As an avid skier, I am a student of the game and spend many hours watching the Olympic Channel and NBC Sports Network not only for the results of World Cup ski racing, but to take in the slow motion analysis of the ski racers which translates technique in my brain. I learn by watching and to have the opportunity to DVR the races and watching the analysis is really enjoyable for me. I am a fan and in my wife’s terms, a fan…..atic. I love the winter, skiing, wool hats, snowblowers, snowshoes, sweaters, parkas, wood fires, wood stoves, ice rinks, oh boy, oh boy……… all things about the season and I take in every experience I can during this 4 month period of the year. I actually get depressed when the winter comes to a close. Most of my vacation time is spent on the slopes out west or in the northeast and I can’t get enough of it. I love to ski locally at my beloved Laurel Mountain. Watching ski racing is a bonus for me much to the consternation of my family who think I am off the deep end. But soon, we all will take the time for a couple of weeks to witness the Olympics and even they have to admit, they love watching the races and the pageantry.

Aside from the events themselves, I enjoy the personal stories that NBC shows on its nightly broadcasts. The sacrifice that the athletes make to get to that level of international competition is really compelling and to hear the interviews and see the families and the efforts that they made to support their children’s Olympic dream is pretty fascinating. Nick Paumgarten recently wrote an expose’ in the “New Yorker” called “Confidence Game.” It is perhaps the most insightful analysis of the success of U.S Ski Team phenom Mikaela Shiffrin. Download it and read it because it is great journalism. I will be interested to hear Julia Mancuso’s commentary this year as an NBC analyst. The most highly decorated female Olympic racer of all time just retired and will be part of the broadcast team including another huge figure in the sport of ski racing- Bode Miller. Those interviews, and commentaries will be most interesting as well as all the other similar stories and reports for all of the other events this year. I even love curling. Watch those brushes go!!!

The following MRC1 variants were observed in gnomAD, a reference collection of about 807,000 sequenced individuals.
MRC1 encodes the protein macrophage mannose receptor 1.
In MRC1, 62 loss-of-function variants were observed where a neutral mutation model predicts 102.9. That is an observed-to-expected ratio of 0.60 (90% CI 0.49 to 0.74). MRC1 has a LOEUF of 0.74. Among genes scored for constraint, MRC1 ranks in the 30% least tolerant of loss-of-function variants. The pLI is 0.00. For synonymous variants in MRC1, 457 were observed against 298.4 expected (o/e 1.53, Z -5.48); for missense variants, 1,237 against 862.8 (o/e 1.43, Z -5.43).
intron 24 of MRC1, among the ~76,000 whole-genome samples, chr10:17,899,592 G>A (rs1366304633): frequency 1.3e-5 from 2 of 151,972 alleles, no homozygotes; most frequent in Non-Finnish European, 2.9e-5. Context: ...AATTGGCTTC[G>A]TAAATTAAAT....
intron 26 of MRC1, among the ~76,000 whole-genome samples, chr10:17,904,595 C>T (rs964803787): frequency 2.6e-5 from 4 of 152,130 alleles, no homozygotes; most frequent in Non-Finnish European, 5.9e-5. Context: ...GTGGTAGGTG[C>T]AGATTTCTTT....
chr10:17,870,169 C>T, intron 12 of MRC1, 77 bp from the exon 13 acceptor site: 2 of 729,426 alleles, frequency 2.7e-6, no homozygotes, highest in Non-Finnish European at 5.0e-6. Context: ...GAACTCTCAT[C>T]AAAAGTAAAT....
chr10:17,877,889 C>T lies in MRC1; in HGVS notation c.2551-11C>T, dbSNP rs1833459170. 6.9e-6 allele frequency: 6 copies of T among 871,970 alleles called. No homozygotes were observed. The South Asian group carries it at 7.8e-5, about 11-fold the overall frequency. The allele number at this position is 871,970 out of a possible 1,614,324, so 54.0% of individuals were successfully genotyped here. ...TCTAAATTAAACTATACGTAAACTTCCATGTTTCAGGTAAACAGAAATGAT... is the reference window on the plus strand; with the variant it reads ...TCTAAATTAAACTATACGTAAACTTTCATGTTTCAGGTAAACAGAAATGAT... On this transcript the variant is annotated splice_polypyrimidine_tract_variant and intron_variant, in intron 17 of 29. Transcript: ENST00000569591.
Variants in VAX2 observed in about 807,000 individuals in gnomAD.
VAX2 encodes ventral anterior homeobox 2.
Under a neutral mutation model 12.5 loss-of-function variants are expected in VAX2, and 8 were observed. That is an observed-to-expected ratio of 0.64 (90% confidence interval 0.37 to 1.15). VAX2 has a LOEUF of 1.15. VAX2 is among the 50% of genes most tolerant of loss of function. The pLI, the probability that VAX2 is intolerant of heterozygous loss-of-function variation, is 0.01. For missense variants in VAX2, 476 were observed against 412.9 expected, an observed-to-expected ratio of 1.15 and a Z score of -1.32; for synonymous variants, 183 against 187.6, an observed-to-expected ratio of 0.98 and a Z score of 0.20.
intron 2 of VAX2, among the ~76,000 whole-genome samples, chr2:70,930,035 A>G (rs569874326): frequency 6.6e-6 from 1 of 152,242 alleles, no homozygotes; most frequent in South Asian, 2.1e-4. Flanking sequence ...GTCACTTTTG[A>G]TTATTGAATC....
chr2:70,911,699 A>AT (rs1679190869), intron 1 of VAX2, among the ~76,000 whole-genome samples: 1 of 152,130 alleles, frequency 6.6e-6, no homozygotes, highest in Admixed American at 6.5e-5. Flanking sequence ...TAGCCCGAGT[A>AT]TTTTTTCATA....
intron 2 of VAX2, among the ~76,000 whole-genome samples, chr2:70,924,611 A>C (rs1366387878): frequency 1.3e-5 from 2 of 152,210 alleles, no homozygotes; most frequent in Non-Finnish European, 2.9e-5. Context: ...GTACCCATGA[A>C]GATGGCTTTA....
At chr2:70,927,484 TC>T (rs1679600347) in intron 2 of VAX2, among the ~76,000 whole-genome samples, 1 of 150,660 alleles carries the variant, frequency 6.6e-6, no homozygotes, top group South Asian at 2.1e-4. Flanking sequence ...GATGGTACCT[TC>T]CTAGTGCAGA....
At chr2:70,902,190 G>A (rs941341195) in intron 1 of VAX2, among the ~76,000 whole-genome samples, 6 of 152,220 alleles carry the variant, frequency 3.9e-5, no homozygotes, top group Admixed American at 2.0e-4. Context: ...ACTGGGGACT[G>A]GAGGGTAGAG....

Do yourself a favor even if you are not a winter person. Watch the Olympics- opening ceremonies are on NBC on February 8. The stories and the competitions are really good TV especially seeing how dismal network television is now. This will be a bright spot for your viewing pleasure for the first two weeks of February. It may even inspire you to strap on a pair of skates or skis and try it yourself. And for those of you who are avid skiers, skaters, etc. – your time is here. The every four year focus on something other than football, basketball, and golf. Not that anything is wrong with those( PC – please Pat). But the Olympics are special. Think of me on the Summit Chair at Whiteface and the Cottage in Lake Placid, sipping an IPA getting ready for the Games. Yahoo!!! I am excited. Thanks for reading.

Mixed Doubles

Going on a couples ski trip can be like playing mixed doubles with your spouse. Depending on a number of factors, it can either go real well or not so well similar to playing tennis with your spouse or significant other. My wife Janet and I just got back from a great ski trip to Utah with our good friends Judy and Mike Smith who invited us to their new place in Park City. Along with their daughters and husband/boyfriend, we had an eclectic group of skiers enjoying the sunshine and amenities of Utah skiing. So to continue the tennis/skiing comparison, it started off a little bit on the wrong foot when early in the trip, I had Janet follow me down a slope at Snowbasin that was marked” thin cover”. This immediately raised a red flag to her and along with a whole bunch of skiers/snowboarders trying to pick their way through the section, she was terrified of the conditions and the array of traffic. I associated it with having her at the net in tennis and serving my first serve directly into the back of her head. Not a good start to say the least and like a bad start in mixed doubles, we had to sit down and regroup.

Sipping water and relaxing in the lodge, we had a nice chat and Janet began to feel more comfortable knowing that I would definitely not take her down anything like that for the rest of the trip. We would ski groomers the rest of the time and she would follow me down allowing her to feel more comfortable and relaxed, knowing full well how well she skis in these types of conditions with sunshine and good visibility. Guys who bark directions at their spouses and significant others, oftentimes ruin a good match in tennis or skiing. This is why some people think it is a bad idea to play tennis or try to teach your wife the finer points of skiing. That is also why I make it my business to keep things light with Janet and make her comfortable so that she can perform at the level where she is capable. This is like allowing her to make her ground strokes and volleys in tennis with positive reinforcement rather than the pressure of constant instructions and telling her what she is doing wrong. This misguided instruction often alienates the spouse and can destroy any chance of togetherness on the court or slopes.